Legislature(2021 - 2022)DAVIS 106
04/01/2021 08:00 AM TRIBAL AFFAIRS
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HB 123-STATE RECOGNITION OF TRIBES 8:06:09 AM CHAIR ZULKOSKY announced that the only order of business would be HOUSE BILL NO. 123, "An Act providing for state recognition of federally recognized tribes; and providing for an effective date." 8:06:38 AM RICHARD PETERSON, President and CEO, Central Council Tlingit and Haida Indian Tribes of Alaska (Tlingit and Haida), testified in support of HB 123. Shared he was a lifelong Alaskan who could trace his lineage back thousands of years, and that he did not feel this made him any better than any Alaskan who moved here; just that he had a different history. He shared Tlingit and Haida had more than 32K members within the indigenous territory of Southeast Alaska, the United States (US), and the world. Tlingit and Haida were listed on the federal register issued every year, were established by an act of Congress, and administered about $32m in federal, state, and private funding through grants, compacts, contracts, and direct appropriations per year, he stated. Alaska was home to 229 federally recognized tribes; there were 573 federally recognized tribes throughout the US, he pointed out. Recognition was long overdue, he stated, as it was time to move on from challenging Native Alaskans' existence, and as a matter of policy it was what made sense: HB 123 would recognize tribes' inherent authority to serve their own citizens, he said. Tribes brought in and saved the state hundreds of millions of dollars, he said, and healthy tribes made healthy communities, he added, noting the response to the COVID-19 pandemic by tribal healthcare as a prime example of the way tribes have taken care of the community. He shared tribes had a complex history that needed to be recognized, as even conversations were still hollow without due recognition. 8:14:17 AM VIVIAN KORTHUIS, Chief Executive Officer, Association of Village Council Presidents, testified in support of HB 123. She shared Association of Village Council Presidents (AVCP) was the largest tribal consortium in the US with 56 federally recognized tribes as members - a quarter of tribes in Alaska and an eighth of the tribes in US - reside in 48 villages in the Yukon-Kuskokwim Delta. She shared AVCP provided its social services, culturally relevant programming, and advocacy for tribes and tribal members of the Y-K Delta through partnerships with tribes, with the federal government, and with other organizations, she shared. The State of Alaska was settled by tribes, and, as such, in recognizing AVCP, the State of Alaska would not be giving a benefit AVCP does not already have but would gain the benefit of having tribes as a partner. She reiterated tribes already had experience partnering with the federal government, and that a partnership would be especially beneficial for Rural Alaska and the children who resided there. Working with the tribes by way of HB 123 has the potential to be a watershed moment, she put forth. 8:21:21 AM ELIZABETH MEDICINE CROW, President and CEO, First Alaskans Institute, testified in support of HB 123. Shared tribes not only had responsibilities to each other, but complex protocols, ceremonies, structures, processes and systems by which alignment was kept and from which Alaskans were able to steward behavior toward abundance and celebrate diversity, one of Alaskans' biggest strengths that ought to be harnessed, she put forth. Tribal, state, and federal governments - all sovereigns - ought to represent three chances Alaskans had to work together respectfully, she emphasized. People in Alaska have conflated distinctions, putting them all in the racial category, she shared, but it is important for all Alaskans to understand the political side as well. It is through the inherent sovereignty harnessed by tribal government change can be made. Transformation can happen, she urged; intervention could even save money, she put forth, adding opportunities would remain unsupported were HB 123 not to be passed. Tribal power and state power needed to work together in this moment, she reiterated. 8:30:48 AM CHAIR ZULKOSKY opened public testimony on HB 123. 8:31:12 AM CHARLES DEGNAN testified in support of HB 123. As a tribal member, Alaskan, and US citizen, Mr. Degnan shared HB 123 offered an opportunity for everyone to work together. Historically tribes have always been willing to work together, he offered. 8:32:56 AM BOB SAM testified in support of HB 123. A tribal member and Alaskan, Mr. Sam worked to restore cemeteries. He offered the restoration of oftentimes desecrated and always sacred sites required working together with tribal governments. 8:35:11 AM COURTENAY CARTY, Tribal Administrator, Dillingham Curyung Tribe, testified in support of HB 123. Ms. Carty shared HB 123 would strengthen relationships throughout the state. 8:36:10 AM GLORIA SIMEON testified in support of HB 123. Offered she was surprised to see HB 123 as tribes had been recognized in the 1990s; she said she thought this had already been accepted and barriers torn down. She stated HB 123 was long overdue, as denying tribes their rights served no one, and there was so much work to do. 8:39:07 AM FRANK KATCHATAG, President, Native Village of Unalakleet, testified in support of HB 123. 8:40:05 AM GABE CANFIELD testified in support of HB 123. As a multigenerational Alaskan attending Dartmouth College, Ms. Canfield named her ancestors' courage and strength, teaching of Native values, and reciprocity of care and community, as the secret to her success. Alaskans needed to lift each other up, she stated. 8:42:13 AM JOEL JACKSON, President, Organized Village of Kake, testified in support of HB 123. Shared state recognition of tribes would be a beneficial partnership for both entities and could improve the lives of all Alaskans. Tribal members ought not to be asked to relinquish sovereignty, especially with tribal health assisting the state in COVID-19 vaccine rollout, he put forth. 8:45:21 AM BRUCE ERVIN testified in support of HB 123. Tribal member and Alaskan shared it was important for future generations to show support to all Alaskans by recognizing tribal sovereignty. Alaskan tribes have been disenfranchised for too long, he shared. 8:47:04 AM JONES HOTCH testified in support of HB 123. Expressed it was ironic tribes were recognized by the federal government but not by the state. He stated it was an historic moment. 8:48:46 AM BROOKE WOODS, testified in support of HB 123. Shared support of HB 123 meant the establishment of good governance in Alaska, which was lagging in terms of good governance, she shared. Tribal members were working diligently to improve the state for all people, she said. 8:52:43 AM KENDRA ZAMZOW testified in support of HB 123. Thirty-year Alaskan shared even those "new" to Alaska were invested in lifting those who have stewarded the land since time immemorial. 8:53:31 AM WANDA CULP testified in limited support of HB 123. Ms. Culp shared Alaska Natives have never been land-restricted but had special relationships with the land and water and should not be limited from resources as the State tried to do. She urged utilization, not limiting; it was not up to the State to pick and choose what it would recognize under federal law, she said. 8:56:14 AM CARRIE STEVENS testified in support of HB 123. Tribal Governance faculty at the University of Alaska Fairbanks, Ms. Stevens shared Alaska existed because of tribal governance. There was no disputing knowledge and wisdom of tribes, she added, expressing deep gratitude for tribes' role in COVID-19 vaccine rollout. Alaska could be a role model but was instead a laughingstock, she pointed out, urging passage of HB 123. 9:00:30 AM DIANA ZIRUL testified in support of HB 123, giving as an example of success tribal health's role in the COVID-19 vaccine rollout. Water and sanitation deficiencies could use a strong partnership to tackle them, she pointed out as an example of how much work there was to be done. 9:04:13 AM FRANCIS DEGNAN testified in support of HB 123, giving as examples deep cultural tradition and heritage to strengthen her reason for support. 9:07:08 AM LORI WOLF testified in support of HB 123 on behalf of the Foraker Group, a non-profit serving Alaska. Foraker specified urban, rural, Native, and non-Native peoples alike fully supported Alaska's First People, she said. "Stronger and better to serve together" was the thrust of her refrain in support for HB 123. 9:08:59 AM WAYNE MORGAN, Chief, Aniak Tribe, testified in support of HB 123. Representing 600 tribal members, Mr. Morgan said he was interested in improving issues such as law enforcement. Belief of sovereignty would still reign even if HB 123 were not to pass, but its passage would strengthen Alaska, he said. 9:12:31 AM RHONDA PITKA, Chief, Village of Beaver, testified in support of HB 123. She pointed out local governance had been pressed into action to "combat" the lack of federal governance. State support would only make everything better and stronger in terms of policy and programs, she said. 9:14:30 AM CHAIR ZULKOSKY closed public testimony. 9:15:24 AM REPRESENTATIVE FIELDS moved to report HB 123 out of committee with individual recommendations and the accompanying zero fiscal notes. There being no objection, HB 123 moved out of committee.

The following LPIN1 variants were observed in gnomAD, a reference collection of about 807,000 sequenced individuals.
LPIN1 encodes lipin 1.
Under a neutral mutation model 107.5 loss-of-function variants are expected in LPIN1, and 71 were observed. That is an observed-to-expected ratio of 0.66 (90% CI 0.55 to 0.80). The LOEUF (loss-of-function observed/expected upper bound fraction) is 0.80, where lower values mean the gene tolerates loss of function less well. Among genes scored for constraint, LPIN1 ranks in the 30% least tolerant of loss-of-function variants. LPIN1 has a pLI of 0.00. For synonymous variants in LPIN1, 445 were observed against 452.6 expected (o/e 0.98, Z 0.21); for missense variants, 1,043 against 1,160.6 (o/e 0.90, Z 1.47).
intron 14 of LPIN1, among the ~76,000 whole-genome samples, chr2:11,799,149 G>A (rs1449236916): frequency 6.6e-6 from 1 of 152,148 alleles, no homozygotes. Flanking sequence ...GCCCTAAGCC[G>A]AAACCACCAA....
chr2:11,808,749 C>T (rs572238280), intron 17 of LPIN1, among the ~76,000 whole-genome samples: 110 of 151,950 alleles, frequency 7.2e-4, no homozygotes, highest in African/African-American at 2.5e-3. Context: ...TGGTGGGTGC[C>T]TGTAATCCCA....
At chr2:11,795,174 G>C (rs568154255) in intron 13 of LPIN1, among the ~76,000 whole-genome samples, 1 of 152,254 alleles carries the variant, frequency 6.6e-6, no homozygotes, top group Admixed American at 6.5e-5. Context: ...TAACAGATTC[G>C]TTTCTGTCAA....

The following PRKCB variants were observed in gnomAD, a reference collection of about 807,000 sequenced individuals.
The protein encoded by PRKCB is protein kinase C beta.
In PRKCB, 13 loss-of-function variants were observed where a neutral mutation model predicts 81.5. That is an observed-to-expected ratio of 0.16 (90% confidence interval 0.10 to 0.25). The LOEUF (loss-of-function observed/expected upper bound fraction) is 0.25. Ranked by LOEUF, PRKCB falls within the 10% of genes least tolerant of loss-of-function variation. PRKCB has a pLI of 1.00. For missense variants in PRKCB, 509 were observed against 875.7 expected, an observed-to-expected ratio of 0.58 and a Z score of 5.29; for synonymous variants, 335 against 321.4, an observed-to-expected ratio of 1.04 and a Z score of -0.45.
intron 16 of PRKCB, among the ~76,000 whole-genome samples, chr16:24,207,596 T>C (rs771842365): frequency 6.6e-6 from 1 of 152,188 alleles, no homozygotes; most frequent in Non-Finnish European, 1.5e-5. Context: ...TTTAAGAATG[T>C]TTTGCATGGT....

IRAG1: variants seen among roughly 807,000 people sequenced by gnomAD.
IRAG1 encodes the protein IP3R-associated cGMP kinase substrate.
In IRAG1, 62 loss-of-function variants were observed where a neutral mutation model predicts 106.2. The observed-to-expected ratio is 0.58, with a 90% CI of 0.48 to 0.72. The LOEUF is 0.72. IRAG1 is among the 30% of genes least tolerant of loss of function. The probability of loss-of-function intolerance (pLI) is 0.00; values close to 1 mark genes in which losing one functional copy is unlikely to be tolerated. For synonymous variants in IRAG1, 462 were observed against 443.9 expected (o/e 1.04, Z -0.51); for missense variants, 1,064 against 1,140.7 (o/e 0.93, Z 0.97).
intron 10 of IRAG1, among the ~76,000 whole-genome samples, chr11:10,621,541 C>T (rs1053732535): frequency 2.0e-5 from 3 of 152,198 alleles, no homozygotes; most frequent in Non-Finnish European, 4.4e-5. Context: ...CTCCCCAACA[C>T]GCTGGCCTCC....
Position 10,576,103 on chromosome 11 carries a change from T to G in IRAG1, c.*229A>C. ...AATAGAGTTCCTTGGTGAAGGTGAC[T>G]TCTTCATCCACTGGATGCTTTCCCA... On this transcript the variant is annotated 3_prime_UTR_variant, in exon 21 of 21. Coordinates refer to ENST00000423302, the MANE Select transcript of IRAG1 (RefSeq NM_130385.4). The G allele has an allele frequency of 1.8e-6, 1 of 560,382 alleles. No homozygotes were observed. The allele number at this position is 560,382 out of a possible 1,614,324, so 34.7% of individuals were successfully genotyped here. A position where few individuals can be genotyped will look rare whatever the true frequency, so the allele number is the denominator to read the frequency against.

|HB123 letters of support 3-31.pdf||
HTRB 4/1/2021 8:00:00 AM
|HB123 letters of support 4-1.pdf||
HTRB 4/1/2021 8:00:00 AM